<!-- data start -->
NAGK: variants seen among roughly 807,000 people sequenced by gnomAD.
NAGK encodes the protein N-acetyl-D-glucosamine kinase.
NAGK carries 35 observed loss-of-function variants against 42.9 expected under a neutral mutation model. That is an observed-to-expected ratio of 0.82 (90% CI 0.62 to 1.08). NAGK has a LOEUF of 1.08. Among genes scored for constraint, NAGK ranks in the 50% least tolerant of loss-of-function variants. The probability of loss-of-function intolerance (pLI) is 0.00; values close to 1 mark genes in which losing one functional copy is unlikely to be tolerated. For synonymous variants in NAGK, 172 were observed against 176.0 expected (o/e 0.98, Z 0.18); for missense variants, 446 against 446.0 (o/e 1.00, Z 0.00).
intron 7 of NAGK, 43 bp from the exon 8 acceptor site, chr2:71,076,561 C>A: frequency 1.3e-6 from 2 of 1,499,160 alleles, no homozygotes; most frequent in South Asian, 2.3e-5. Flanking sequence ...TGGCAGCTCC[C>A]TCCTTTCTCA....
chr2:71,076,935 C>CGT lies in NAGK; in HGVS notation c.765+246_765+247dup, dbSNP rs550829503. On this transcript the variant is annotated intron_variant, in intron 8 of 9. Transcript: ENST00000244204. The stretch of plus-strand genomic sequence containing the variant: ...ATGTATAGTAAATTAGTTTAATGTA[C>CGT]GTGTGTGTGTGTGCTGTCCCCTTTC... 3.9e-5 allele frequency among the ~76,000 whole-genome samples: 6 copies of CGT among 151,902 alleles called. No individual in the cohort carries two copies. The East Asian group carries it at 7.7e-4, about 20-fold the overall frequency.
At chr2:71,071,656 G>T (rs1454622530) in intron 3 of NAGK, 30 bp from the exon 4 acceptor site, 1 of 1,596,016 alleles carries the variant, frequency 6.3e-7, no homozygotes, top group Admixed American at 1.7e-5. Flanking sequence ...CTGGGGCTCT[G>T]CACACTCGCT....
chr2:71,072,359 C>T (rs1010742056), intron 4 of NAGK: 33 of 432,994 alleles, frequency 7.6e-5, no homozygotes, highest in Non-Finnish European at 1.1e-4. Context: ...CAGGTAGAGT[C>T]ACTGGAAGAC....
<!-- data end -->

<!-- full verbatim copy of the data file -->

NAGK: variants seen among roughly 807,000 people sequenced by gnomAD.
NAGK encodes the protein N-acetyl-D-glucosamine kinase.
NAGK carries 35 observed loss-of-function variants against 42.9 expected under a neutral mutation model. That is an observed-to-expected ratio of 0.82 (90% CI 0.62 to 1.08). NAGK has a LOEUF of 1.08. Among genes scored for constraint, NAGK ranks in the 50% least tolerant of loss-of-function variants. The probability of loss-of-function intolerance (pLI) is 0.00; values close to 1 mark genes in which losing one functional copy is unlikely to be tolerated. For synonymous variants in NAGK, 172 were observed against 176.0 expected (o/e 0.98, Z 0.18); for missense variants, 446 against 446.0 (o/e 1.00, Z 0.00).
intron 7 of NAGK, 43 bp from the exon 8 acceptor site, chr2:71,076,561 C>A: frequency 1.3e-6 from 2 of 1,499,160 alleles, no homozygotes; most frequent in South Asian, 2.3e-5. Flanking sequence ...TGGCAGCTCC[C>A]TCCTTTCTCA....
chr2:71,076,935 C>CGT lies in NAGK; in HGVS notation c.765+246_765+247dup, dbSNP rs550829503. On this transcript the variant is annotated intron_variant, in intron 8 of 9. Transcript: ENST00000244204. The stretch of plus-strand genomic sequence containing the variant: ...ATGTATAGTAAATTAGTTTAATGTA[C>CGT]GTGTGTGTGTGTGCTGTCCCCTTTC... 3.9e-5 allele frequency among the ~76,000 whole-genome samples: 6 copies of CGT among 151,902 alleles called. No individual in the cohort carries two copies. The East Asian group carries it at 7.7e-4, about 20-fold the overall frequency.
At chr2:71,071,656 G>T (rs1454622530) in intron 3 of NAGK, 30 bp from the exon 4 acceptor site, 1 of 1,596,016 alleles carries the variant, frequency 6.3e-7, no homozygotes, top group Admixed American at 1.7e-5. Flanking sequence ...CTGGGGCTCT[G>T]CACACTCGCT....
chr2:71,072,359 C>T (rs1010742056), intron 4 of NAGK: 33 of 432,994 alleles, frequency 7.6e-5, no homozygotes, highest in Non-Finnish European at 1.1e-4. Context: ...CAGGTAGAGT[C>T]ACTGGAAGAC....